Löfven gets his chance at forming Sweden’s coalition government

Sweden’s outgoing Social Democrats Prime Minister Stefan Löfven attends a press conference at the Parliament in Stockholm, Sweden on October 15, 2018 after he was asked by the speaker of the parliament to form a new government. Löfven was given the mandate to form a government a day after the leader of a centre-right bloc failed at his first attempt. Neither the centre-left nor the centre-right bloc won majority in the September 9 election as the far-right gained momentum and triggered a political deadlock. (Janerik Henriksson/AFP/Getty Images)
On Monday, the speaker of Sweden’s parliament gave the leader of the Social Democrats, Stefan Löfven, two weeks to try to form a new government.

Löfven is the prime minister in the current, caretaker government. He gets the assigment after the Moderate Party leader Ulf Kristersson over the weekend declared that he was unable to get enough support for a government, in the two weeks he’d been given.

Löfven said that he will aim to form a “government cooperation” in the centre ground of Swedish politics that is able to get its budget and important policies through parliament. He said humility and compromises would be needed from everybody involved.

Löfven said he would speak individually to the leaders of all political parties in parliament, apart from the Sweden Democrats.

Speaker clarifies constitution, urges patience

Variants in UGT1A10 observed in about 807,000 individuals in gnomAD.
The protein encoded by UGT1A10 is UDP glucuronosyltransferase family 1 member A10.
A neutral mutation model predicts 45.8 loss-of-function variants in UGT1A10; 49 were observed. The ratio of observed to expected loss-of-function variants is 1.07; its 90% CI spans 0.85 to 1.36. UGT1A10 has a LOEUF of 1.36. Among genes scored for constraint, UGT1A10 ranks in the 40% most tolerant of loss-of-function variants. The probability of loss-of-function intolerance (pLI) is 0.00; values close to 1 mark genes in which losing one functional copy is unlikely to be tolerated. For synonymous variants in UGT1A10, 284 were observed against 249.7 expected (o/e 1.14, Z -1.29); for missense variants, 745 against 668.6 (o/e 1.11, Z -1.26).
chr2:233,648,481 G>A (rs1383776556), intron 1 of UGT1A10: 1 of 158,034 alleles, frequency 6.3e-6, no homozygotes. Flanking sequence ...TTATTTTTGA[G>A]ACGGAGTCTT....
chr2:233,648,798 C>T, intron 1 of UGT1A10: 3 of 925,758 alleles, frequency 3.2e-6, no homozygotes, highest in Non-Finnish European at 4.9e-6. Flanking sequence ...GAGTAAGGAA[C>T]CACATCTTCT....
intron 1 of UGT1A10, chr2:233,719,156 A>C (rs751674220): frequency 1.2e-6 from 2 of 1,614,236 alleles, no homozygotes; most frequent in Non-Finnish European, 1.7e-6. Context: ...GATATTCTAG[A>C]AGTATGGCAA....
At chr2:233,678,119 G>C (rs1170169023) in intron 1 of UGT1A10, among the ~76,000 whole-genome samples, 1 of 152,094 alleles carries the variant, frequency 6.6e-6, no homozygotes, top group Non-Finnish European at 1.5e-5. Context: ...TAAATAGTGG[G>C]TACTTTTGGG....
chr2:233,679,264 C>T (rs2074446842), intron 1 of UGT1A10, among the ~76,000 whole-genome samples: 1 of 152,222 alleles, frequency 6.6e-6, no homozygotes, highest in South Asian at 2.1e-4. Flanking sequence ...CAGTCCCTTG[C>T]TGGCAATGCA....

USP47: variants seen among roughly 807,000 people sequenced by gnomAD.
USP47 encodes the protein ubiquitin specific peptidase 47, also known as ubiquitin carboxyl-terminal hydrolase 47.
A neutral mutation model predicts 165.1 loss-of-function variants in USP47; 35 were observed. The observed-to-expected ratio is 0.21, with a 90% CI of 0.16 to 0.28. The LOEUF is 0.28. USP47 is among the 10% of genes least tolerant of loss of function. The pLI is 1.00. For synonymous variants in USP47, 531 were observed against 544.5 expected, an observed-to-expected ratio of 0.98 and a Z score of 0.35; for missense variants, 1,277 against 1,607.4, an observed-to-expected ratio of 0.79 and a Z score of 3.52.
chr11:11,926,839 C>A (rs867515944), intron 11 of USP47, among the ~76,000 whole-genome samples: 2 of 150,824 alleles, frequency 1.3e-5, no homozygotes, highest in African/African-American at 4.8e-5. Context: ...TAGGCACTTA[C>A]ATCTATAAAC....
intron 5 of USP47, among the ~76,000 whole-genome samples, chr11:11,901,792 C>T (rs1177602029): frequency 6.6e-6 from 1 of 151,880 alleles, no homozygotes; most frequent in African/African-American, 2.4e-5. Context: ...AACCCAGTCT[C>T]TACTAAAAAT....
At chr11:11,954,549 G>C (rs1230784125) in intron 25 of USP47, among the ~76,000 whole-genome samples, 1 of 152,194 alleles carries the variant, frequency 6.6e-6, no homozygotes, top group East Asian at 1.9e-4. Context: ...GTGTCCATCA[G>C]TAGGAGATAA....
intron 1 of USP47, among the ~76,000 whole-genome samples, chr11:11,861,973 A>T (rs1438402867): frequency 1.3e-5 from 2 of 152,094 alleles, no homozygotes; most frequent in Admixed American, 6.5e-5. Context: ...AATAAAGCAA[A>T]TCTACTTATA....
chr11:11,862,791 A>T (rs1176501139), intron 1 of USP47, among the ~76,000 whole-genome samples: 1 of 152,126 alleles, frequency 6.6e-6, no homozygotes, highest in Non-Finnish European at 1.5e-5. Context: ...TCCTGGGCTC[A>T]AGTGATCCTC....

At his press briefing this afternoon, the speaker Andreas Norlén clarified that when the constitution mentions four attempts to form a government before a new election has to be called, that refers to four votes in parliament, not four times that he gives the task to someone to try to form a government.

“I have not used up a single one of the four attempts that the constitution gives me,” he said, calling for people to have a bit more patience.

“With the locked positions that there are, I’d say that it is actually a pretty quick process if we can open them up in 2-4 weeks,” he said.

This morning, the speaker held one-on-one talks with the different party leaders in parliament to sound them out before announcing the decision to give Stefan Löfven his task. At the press briefing, Norlen again urged the parties to reconsider their very firm positions.

Related links from around the North:

Canada: Quebec Elections: Centre-right CAQ takes province including Arctic Ungava riding, Eye on the Arctic

Finland: Finnish PM concerned by far-right party’s results in Swedish elections, Yle News

Russia: Russia’s resources minister to open new Arctic office, The Independent Barents Observer

Sweden: Swedish parliament ousts Prime Minister Stefan Löfven, Radio Sweden

Ulla Engberg, Radio Sweden

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